ORGANIZATION

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8 Νοε 2013 (πριν από 3 χρόνια και 7 μήνες)

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ORGANIZATIONS

and

MANAGEMENT

Definition of Organizations


An organization is a collection of people
working together in a coordinated and
structured fashion to achieve one or
more goals.


Organizations Role in
Society



Organizations exist to allow
accomplishment of work that could not
be achieved by people alone.


As long as the goals of an organization
are appropriate, society will allow them
to exist and they can contribute to
society.


Organizations and People



Organizations are strongly influenced by
the people that form part of them.


Organizations can take in part of the
personality of the people within them
and their attitudes, perceptions and
behaviors affect how an organization
will operate.


Organizations Require
Management



Organizations use management to
accomplish the work that is required to
achieve the goals.


The Nature of the
Organizational Environment



The
external environment is
everything
outside an organization that might affect
it.


The
internal environment
consists of
conditions and forces within the
organization.


The External Environment



The general environment is the
nonspecific dimensions and forces in its
surroundings that might affect its
activities.



The task environment consists of
specific organizations or groups that are
likely to influence an organization.


General Environment (1)



The
economic dimension
inflation, interest
rates, unemployment, and demand.


The
technological dimension
refers to the
methods available for converting resources
into products or services.


The
socio
-
cultural dimension,

customs,
mores, values, and demographic
characteristics of the society in which the
organization functions.


General Environment (2)


The
political
-
legal dimension
refers to
government regulation of business and
the relationship between business and
government.


The
international dimension

refers to
the extent to which an organization is
involved in or affected by business in
other countries.


Task Environment


Organizations exist to accomplish one
or more tasks

Task Environment Actors



Competitors
are other organizations that
compete for resources.


Customers
are whoever pays money to
acquire an organization's product or
service.


Suppliers
are organizations that provide
resources for other organizations.


Task Environment Actors


Regulators
are units in the task
environment that have the potential to
control, regulate, or influence an
organization's policies and practices.

Types of Regulators


Regulatory agencies
are created by the
government to protect the public from certain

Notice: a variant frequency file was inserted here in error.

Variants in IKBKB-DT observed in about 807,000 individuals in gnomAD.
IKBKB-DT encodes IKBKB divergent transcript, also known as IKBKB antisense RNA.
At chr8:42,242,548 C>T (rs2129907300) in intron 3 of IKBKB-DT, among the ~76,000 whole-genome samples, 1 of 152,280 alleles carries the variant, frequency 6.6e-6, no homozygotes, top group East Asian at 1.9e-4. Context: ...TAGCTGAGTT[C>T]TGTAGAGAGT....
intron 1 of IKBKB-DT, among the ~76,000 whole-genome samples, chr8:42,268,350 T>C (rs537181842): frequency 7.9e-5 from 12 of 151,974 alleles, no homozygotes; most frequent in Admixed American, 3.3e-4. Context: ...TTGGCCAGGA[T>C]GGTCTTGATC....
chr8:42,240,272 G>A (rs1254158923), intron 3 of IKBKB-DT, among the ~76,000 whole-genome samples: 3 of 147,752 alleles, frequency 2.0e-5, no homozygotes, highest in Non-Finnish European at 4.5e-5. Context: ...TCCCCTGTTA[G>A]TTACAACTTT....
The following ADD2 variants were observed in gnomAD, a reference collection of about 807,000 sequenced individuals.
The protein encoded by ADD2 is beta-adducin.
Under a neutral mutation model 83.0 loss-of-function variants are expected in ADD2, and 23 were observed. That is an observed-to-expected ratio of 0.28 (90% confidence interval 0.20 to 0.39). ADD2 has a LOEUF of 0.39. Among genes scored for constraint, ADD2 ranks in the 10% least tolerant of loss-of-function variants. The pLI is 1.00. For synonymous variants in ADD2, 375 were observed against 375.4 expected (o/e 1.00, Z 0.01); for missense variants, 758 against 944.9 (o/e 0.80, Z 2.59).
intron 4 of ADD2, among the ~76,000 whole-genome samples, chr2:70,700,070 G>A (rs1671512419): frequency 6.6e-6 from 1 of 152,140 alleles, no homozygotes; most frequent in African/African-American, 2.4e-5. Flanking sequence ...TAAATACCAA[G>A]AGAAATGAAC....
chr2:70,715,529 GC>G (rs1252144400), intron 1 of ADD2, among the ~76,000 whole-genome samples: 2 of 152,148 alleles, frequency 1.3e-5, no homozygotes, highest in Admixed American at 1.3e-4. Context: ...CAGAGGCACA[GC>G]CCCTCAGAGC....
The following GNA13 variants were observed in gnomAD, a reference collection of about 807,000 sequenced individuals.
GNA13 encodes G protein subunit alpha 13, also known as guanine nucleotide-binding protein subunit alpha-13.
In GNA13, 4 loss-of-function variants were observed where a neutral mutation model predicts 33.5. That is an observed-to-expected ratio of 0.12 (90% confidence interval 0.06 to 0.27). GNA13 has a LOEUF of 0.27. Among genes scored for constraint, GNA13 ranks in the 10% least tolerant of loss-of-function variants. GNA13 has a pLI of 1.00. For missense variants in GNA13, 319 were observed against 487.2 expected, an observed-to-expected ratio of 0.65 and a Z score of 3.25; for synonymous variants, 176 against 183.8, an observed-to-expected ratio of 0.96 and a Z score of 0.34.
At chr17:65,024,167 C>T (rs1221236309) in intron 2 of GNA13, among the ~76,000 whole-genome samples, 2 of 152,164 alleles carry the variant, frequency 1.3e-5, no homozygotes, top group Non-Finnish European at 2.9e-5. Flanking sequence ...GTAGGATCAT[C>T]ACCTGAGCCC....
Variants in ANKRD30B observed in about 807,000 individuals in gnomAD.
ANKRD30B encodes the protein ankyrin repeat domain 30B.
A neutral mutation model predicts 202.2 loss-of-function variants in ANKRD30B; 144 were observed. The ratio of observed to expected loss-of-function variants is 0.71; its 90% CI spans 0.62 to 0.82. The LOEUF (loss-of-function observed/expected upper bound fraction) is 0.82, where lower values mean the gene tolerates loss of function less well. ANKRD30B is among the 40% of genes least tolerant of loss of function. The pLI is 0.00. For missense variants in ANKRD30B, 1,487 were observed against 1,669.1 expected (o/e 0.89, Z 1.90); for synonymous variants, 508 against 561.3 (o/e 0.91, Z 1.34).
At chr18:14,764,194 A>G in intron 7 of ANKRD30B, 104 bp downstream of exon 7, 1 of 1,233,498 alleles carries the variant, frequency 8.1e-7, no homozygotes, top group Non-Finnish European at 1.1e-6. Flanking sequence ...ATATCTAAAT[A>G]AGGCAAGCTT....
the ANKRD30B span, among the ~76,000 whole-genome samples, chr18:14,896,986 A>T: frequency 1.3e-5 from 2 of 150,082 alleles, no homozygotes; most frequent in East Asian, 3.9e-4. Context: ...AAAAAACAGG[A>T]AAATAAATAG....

business practices or to protect organizations
from one another. Examples include the
Environmental Protection Agency and the
Department of Occupational Safety, Health
and Welfare.


Interest groups
are groups organized by their
members to attempt to influence
organizations. Examples include the
Chamber of Commerce, Sierra Club, and the
National Rifle Association.


Task Environment Actors


Labor includes all workers who provide the
service or produce the products. Labor is
especially a concern when it is unionized.


Owners are individuals, groups, or
organizations who have a major stake in the
organization.


Strategic allies are two or more companies
that work together in joint ventures.


The Internal Environment



Board of Directors



Employees


Culture


Board of Directors


A board of directors is only required of
organizations that are incorporated;
however, many other firms have them.
The board of directors is elected by the
stockholders and is charged with
overseeing the general management of
the firm to ensure that it is being run in a
way that best serves the stockholders'
interests.


Employees


When the organization's employees
hold the same values and goals as its
management, everyone wins. However,
when managers and employees work
toward different goals everyone suffers.
The composition of the organization's
employees is changing, and managers
must learn how to deal effectively with
these changes.


Culture


The
culture
of an organization is the set of
values that helps its members understand
what the organization stands for, how it does
things, and what it considers important.


A strong organizational culture can shape the
firm's overall effectiveness and long
-
term
success and help employees to be more
productive.


Engineering/Design
Organization


Traditional Organizational Structure


Project Organizational Structure


Traditional Organizational Structure

Stockholders
Board of directors
President
Legal Staff
Vice
President of
Purchasing
Vice
President of
Sales and
Marketing
Vice
President of
Finance
Vice
President of
Manufacturing
Vice
President of
Research and
Engineering
Vice President
of
Administration
Industrial
Relations
Personnel
Employee
Relations
Training
Safety
Medical
Management
Services
Security
Food
Services
Technical
Services
Report Publ.
Library
Drafting
Research
Engineering
Mechanical
Design
Electrical
Design
Materials
Engineering
Sytems
Engineering
Design